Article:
Tests concluded that all melanoma cells appeared to have been removed and Kate spent a few weeks recovering from the surgery, re-booked her flight to the UK and looked forward to getting on with her life.
Kate underwent regular check-ups while in the UK and all seemed well until July 2008 when she discovered a lump in her left groin. Tests eventually concluded that the melanoma had returned and doctors advised Kate to return to Australia for treatment. Kate arrived in Sydney in late July 2008 and immediately went to see Professor John Thompson at the Sydney Melanoma Unit. Prof Thompson recommended surgery: removal of the lymph nodes in the left groin. This operation was performed at the Mater Hospital in Sydney in early August 2008. Like the first surgery on the big toe, the operation appeared to be successful and Kate began planning her future.
Earlier in 2008, Kate had already decided to return to Australia to study speech pathology at university. After the groin surgery, she set about applying to universities. Life again seemed to be getting back to a track Kate wanted to be on, but in November she discovered another lump, this time in her left armpit. Another trip to Prof Thompson at the Melanoma Unit confirmed the worst: the melanoma was back. In early December, Prof Thompson again operated, removing the lymph nodes – “a mastectomy without breast removal”. Again, all seemed well, although Kate discovered a small lump in her cheek. Tests on this were inconclusive, with the diagnosis being a small fat deposit – puppy fat!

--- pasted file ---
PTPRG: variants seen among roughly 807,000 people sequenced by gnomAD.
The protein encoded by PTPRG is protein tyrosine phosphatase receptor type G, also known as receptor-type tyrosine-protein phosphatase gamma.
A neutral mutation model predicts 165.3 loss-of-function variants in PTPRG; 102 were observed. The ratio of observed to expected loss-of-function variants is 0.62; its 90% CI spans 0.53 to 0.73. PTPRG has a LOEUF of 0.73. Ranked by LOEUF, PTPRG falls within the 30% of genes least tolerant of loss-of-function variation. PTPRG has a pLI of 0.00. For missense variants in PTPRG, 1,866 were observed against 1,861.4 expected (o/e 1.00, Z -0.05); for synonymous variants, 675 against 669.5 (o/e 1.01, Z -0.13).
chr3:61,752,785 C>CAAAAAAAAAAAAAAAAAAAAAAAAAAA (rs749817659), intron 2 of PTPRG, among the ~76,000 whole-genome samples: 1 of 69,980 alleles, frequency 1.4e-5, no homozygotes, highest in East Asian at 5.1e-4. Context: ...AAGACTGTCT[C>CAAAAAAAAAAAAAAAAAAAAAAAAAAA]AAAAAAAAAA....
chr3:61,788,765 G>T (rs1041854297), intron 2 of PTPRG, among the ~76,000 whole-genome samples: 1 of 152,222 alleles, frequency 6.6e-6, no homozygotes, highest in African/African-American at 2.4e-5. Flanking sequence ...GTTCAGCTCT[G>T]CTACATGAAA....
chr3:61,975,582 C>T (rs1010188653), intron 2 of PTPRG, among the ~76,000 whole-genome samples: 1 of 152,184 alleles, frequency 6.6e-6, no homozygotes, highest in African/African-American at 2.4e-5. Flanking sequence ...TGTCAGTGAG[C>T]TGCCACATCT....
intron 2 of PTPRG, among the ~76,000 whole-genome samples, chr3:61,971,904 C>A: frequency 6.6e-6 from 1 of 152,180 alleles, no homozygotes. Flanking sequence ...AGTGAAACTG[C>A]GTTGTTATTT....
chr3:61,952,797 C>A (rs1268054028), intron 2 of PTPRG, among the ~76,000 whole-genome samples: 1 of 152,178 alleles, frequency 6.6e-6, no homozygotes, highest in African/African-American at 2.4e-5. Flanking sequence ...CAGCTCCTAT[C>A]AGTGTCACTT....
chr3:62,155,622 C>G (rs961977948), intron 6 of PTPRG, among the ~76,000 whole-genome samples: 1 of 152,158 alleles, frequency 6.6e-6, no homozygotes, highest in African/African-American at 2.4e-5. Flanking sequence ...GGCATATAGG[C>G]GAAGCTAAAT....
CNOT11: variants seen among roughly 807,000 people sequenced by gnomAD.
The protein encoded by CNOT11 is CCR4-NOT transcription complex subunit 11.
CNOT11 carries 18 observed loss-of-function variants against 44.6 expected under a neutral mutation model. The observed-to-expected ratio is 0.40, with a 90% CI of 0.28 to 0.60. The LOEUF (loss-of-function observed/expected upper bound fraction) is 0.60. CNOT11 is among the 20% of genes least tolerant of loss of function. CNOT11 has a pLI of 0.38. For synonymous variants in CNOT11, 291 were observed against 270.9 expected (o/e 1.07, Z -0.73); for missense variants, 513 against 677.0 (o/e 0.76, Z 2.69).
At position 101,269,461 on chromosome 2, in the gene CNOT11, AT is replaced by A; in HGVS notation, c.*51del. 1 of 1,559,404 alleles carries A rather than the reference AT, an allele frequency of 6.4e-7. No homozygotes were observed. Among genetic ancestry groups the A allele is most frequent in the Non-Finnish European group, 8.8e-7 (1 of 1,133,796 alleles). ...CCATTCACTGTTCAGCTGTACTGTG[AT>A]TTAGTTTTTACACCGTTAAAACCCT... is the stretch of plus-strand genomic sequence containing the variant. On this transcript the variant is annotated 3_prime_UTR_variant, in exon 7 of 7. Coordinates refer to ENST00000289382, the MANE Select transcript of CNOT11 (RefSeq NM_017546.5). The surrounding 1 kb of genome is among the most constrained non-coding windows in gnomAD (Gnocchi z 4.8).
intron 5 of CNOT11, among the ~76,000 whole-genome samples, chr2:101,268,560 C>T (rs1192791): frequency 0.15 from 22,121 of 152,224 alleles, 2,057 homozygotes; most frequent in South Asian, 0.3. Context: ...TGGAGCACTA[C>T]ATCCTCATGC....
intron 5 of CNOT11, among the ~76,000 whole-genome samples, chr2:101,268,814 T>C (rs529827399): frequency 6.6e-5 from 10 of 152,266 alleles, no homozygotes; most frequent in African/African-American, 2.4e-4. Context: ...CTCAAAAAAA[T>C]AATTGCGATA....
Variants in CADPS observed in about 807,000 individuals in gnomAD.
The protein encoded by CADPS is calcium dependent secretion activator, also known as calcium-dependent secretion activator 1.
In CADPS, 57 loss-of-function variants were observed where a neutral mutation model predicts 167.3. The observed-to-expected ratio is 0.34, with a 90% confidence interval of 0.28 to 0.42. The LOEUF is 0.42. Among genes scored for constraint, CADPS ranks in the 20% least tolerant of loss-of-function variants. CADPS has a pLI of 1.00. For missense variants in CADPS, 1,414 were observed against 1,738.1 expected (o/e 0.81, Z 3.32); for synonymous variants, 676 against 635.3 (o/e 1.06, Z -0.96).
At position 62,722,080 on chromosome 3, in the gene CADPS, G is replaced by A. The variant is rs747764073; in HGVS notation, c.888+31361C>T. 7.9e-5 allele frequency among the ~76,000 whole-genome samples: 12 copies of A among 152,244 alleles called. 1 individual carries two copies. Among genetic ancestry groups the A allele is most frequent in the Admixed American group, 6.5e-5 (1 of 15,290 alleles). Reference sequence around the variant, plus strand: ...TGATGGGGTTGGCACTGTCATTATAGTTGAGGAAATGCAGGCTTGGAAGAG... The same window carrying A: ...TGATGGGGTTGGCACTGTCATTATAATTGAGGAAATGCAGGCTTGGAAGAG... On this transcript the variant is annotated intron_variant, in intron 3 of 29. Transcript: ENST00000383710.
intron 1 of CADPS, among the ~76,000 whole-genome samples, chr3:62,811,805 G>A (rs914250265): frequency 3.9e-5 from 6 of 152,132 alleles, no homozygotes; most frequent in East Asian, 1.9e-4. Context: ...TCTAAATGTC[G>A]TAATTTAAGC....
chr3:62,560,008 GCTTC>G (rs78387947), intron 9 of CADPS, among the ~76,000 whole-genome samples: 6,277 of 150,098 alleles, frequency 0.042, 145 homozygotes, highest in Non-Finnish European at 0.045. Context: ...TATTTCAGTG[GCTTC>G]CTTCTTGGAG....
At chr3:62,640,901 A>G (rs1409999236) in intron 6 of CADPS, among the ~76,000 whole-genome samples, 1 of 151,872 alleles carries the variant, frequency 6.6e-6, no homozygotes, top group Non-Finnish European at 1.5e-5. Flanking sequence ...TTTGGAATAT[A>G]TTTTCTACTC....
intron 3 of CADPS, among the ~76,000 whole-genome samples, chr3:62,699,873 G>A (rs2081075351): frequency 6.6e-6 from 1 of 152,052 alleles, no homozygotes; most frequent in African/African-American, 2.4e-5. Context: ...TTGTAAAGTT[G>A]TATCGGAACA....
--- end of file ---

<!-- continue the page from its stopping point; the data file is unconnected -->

In February 2009, just before Kate’s 21st birthday and the start of the academic year at Charles Sturt University – Albury, the lump in the cheek had grown and a check revealed that it was, in fact, another melanoma. This was removed but the news was not good. The melanoma had spread significantly to other parts of Kate’s body and surgery was no longer an option.
Kate was referred to Professor Rick Kefford at Westmead Hospital. At this stage, there was very little available in the way of treatment for melanoma sufferers, but Prof Kefford recommended a drug – oblimersen – which was, at that time, being trialled in Australia and had already been approved for use in the US and the UK. Kate was not eligible for the trial, but with the help of family, friends, understanding bank managers, and some pleading from the Westmead team, permission was granted for us to purchase the drug. Treatment began in late March 2009, with Kate spending two weeks in Albury and one in Sydney over each treatment cycle. Her determination to start and continue her studies was remarkable, and she finished 1st semester with excellent results.